Florida panther deaths increase from
collisions with vehicles
June 29, 2007
CONTACT: Beth Scott (850) 488-4676, (850) 251-3970 (cell)
The deaths of three Florida panthers from
collisions with vehicles last week brings the total so far this
year to 14, exceeding last year’s record total of 11 for one of
the most endangered large mammals in the United States.
A small population in Florida represents the
only known remaining members of this subspecies that once ranged
throughout the Southeast. Panther numbers have increased from an
estimated 20-30 panthers 20 years ago to an estimated 80-100
Although Florida Fish and Wildlife Conservation
Commission (FWC) and Florida Department of Transportation (FDOT)
have used a variety of techniques to reduce panther deaths along
highways, the most successful tools have been wildlife crossings
Wildlife crossings along Alligator Alley in
Collier County are dry-ground bridges that allow wildlife to
pass safely beneath the highway. Twenty-four wildlife crossings
and 12 other bridges modified for panther use were constructed
within a 40-mile stretch of I-75 as well as a continuous-barrier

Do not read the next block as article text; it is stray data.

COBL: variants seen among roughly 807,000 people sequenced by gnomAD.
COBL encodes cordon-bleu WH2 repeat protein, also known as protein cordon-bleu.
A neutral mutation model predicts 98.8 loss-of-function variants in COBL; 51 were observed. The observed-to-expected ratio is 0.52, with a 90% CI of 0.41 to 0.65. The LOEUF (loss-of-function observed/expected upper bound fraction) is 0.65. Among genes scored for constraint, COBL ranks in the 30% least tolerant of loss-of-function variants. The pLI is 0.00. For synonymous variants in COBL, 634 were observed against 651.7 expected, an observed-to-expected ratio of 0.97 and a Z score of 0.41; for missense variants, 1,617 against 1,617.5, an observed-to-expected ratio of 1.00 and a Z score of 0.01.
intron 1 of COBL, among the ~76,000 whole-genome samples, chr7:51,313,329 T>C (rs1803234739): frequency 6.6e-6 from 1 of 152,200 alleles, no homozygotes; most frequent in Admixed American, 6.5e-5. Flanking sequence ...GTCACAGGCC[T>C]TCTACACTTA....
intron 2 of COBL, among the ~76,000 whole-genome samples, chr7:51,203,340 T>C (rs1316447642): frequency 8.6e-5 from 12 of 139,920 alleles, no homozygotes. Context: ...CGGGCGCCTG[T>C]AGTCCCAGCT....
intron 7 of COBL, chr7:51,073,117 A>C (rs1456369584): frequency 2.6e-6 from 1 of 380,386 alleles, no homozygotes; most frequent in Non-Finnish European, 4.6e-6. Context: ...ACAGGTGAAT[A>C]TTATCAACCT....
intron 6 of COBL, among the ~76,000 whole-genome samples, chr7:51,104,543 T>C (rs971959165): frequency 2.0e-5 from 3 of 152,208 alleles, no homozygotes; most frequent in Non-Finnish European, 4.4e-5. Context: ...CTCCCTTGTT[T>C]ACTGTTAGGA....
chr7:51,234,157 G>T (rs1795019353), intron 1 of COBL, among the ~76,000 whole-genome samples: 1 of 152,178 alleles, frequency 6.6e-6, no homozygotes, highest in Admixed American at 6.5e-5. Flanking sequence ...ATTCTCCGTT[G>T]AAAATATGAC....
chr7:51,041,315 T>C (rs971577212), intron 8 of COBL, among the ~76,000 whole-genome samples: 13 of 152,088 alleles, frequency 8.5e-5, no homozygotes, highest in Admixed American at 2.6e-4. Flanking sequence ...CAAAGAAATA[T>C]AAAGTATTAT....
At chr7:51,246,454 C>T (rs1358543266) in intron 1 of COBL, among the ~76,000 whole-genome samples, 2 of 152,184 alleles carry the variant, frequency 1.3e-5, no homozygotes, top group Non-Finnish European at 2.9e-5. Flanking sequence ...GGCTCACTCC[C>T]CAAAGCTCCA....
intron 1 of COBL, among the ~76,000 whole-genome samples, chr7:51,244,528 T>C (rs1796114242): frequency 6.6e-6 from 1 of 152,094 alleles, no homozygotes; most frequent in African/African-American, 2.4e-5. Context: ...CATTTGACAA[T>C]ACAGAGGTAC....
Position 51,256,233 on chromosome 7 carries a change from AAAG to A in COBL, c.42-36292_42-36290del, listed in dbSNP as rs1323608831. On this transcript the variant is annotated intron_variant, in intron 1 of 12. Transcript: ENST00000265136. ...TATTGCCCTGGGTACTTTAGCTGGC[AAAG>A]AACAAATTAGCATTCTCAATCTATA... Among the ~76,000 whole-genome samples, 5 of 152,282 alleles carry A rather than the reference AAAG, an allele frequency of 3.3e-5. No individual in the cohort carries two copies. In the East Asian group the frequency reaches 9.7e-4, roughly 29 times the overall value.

fence directing animals to the crossings.
Seven other wildlife crossings have been
installed in Collier and Lee counties. No panthers have been
killed by vehicles in areas protected with wildlife crossings
and continuous fencing. Panthers have been killed by vehicles
where limited fencing was used.
FWC has been working with the U.S. Fish and
Wildlife Service, FDOT, Collier and Lee county transportation
departments and developers to protect panthers along more
highway segments by incorporating wildlife crossings, fencing
and additional speed zones in appropriate locations:
Two wildlife crossings will be built on the
two-lane road, which will be six-laned to serve Ave Maria
University and associated communities.
Planning is under way to add new lanes to
the two-lane SR 29. More wildlife crossings will be
incorporated into the highway design.
FWC supported a proposal initiated by
Defenders of Wildlife for a wildlife crossing on US 41.
FWC consulted with Lee County Transportation
Department about extending fencing associated with a
FWC is reviewing recent panther deaths
within or in close proximity to the southernmost wildlife
crossing on SR 29. Several panthers have been killed around
this structure as a result of the limited fencing.
FWC is evaluating the need for more
nighttime speed zones in Collier and Hendry counties.
Two wildlife crossings were recently completed
on SR 29 in Collier County, costing approximately $4 million
There have been 139 documented panther deaths
since 1997, 63 of which were previously live-captured and
equipped with radio collars for ongoing research. Two major
known causes of panther deaths are territorial battles among the
cats and vehicle collisions.
FWC researchers are working with scientists at
the University of Florida to create a panther population model
that will help assess panther numbers over time and gauge the
influence of panther losses by vehicle collisions on future